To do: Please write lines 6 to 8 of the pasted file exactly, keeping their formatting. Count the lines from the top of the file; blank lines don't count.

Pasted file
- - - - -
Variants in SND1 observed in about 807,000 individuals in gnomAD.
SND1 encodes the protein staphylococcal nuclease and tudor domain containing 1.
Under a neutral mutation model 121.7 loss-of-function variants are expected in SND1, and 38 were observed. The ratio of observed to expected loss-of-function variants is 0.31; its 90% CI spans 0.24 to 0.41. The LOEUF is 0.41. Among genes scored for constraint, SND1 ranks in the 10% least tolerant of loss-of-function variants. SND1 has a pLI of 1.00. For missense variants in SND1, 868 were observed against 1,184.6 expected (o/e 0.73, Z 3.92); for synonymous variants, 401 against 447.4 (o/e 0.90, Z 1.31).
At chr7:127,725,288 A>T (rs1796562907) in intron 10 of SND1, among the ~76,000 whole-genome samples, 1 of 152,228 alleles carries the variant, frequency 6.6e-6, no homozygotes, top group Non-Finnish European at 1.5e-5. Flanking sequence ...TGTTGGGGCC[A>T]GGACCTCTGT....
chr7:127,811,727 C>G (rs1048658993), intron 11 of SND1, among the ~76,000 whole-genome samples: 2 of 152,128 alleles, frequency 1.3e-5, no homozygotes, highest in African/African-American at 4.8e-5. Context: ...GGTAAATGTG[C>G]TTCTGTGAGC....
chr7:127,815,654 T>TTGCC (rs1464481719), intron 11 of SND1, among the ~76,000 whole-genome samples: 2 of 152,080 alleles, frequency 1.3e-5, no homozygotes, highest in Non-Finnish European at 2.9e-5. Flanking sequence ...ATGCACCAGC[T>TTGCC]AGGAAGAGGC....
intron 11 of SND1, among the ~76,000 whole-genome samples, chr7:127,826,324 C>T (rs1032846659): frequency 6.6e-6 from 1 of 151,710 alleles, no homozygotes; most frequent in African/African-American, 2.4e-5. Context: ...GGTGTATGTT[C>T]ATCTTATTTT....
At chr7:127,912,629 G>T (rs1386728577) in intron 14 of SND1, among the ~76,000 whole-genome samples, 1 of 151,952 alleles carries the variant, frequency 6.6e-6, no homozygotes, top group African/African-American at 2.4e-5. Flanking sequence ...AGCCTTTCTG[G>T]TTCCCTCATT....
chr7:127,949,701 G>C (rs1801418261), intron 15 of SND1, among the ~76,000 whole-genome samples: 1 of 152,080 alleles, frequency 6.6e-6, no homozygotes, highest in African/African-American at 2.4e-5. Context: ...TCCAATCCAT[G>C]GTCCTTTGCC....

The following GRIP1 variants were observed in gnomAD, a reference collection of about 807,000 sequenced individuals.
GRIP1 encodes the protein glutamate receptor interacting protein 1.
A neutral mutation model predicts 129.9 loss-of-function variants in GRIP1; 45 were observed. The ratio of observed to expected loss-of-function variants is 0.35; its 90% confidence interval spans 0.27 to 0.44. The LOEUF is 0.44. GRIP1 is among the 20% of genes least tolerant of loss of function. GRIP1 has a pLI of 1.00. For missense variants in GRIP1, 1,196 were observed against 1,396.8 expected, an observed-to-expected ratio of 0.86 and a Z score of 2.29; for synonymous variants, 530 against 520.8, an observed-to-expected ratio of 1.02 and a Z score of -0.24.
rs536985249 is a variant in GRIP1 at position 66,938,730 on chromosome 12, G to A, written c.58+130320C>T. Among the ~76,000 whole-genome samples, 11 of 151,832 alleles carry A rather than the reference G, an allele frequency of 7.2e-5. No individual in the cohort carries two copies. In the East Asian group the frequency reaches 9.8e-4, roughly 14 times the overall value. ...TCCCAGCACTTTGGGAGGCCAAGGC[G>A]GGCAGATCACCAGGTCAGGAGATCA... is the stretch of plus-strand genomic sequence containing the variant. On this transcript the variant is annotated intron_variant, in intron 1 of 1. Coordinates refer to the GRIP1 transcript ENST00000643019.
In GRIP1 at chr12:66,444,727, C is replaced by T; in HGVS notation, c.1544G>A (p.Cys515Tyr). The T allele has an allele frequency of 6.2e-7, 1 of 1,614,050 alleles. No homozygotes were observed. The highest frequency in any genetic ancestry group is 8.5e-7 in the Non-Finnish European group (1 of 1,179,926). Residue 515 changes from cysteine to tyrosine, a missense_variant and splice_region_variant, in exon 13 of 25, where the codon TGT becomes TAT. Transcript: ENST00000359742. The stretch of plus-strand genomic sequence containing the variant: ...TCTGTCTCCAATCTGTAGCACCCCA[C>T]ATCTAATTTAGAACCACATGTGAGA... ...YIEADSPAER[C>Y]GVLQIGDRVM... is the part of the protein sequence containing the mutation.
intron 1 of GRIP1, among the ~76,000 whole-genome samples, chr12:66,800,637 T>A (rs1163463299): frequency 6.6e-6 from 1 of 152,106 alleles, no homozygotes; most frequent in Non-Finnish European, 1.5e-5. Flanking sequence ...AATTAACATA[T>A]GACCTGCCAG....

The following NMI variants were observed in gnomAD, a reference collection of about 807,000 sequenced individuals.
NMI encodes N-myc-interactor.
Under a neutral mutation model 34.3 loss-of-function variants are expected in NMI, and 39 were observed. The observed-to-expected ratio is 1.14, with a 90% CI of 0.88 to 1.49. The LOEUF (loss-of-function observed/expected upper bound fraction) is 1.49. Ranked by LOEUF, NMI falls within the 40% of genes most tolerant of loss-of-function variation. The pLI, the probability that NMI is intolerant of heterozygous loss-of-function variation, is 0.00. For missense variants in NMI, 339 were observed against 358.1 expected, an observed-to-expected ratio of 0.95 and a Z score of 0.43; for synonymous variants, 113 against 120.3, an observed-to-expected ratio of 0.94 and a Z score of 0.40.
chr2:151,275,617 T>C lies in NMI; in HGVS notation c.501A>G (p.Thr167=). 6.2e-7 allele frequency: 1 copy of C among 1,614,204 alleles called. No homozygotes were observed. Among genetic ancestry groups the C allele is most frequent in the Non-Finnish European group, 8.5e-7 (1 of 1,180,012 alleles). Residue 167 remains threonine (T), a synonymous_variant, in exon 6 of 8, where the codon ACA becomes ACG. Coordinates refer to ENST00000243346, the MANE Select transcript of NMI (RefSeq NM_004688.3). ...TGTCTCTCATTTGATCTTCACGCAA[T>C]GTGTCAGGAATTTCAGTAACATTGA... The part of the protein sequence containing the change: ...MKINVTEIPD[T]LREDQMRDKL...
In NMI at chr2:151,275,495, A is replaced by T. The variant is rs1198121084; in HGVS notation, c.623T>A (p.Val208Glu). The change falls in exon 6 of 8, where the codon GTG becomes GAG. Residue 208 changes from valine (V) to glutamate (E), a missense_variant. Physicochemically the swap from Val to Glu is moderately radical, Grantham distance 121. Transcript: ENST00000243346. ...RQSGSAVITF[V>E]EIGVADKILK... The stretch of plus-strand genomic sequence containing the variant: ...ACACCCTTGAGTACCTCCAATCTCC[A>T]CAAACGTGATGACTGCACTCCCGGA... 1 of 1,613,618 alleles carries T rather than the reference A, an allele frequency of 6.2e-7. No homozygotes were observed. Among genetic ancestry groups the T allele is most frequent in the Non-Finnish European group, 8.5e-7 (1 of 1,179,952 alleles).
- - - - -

chr7:127,815,654 T>TTGCC (rs1464481719), intron 11 of SND1, among the ~76,000 whole-genome samples: 2 of 152,080 alleles, frequency 1.3e-5, no homozygotes, highest in Non-Finnish European at 2.9e-5. Flanking sequence ...ATGCACCAGC[T>TTGCC]AGGAAGAGGC....
intron 11 of SND1, among the ~76,000 whole-genome samples, chr7:127,826,324 C>T (rs1032846659): frequency 6.6e-6 from 1 of 151,710 alleles, no homozygotes; most frequent in African/African-American, 2.4e-5. Context: ...GGTGTATGTT[C>T]ATCTTATTTT....
At chr7:127,912,629 G>T (rs1386728577) in intron 14 of SND1, among the ~76,000 whole-genome samples, 1 of 151,952 alleles carries the variant, frequency 6.6e-6, no homozygotes, top group African/African-American at 2.4e-5. Flanking sequence ...AGCCTTTCTG[G>T]TTCCCTCATT....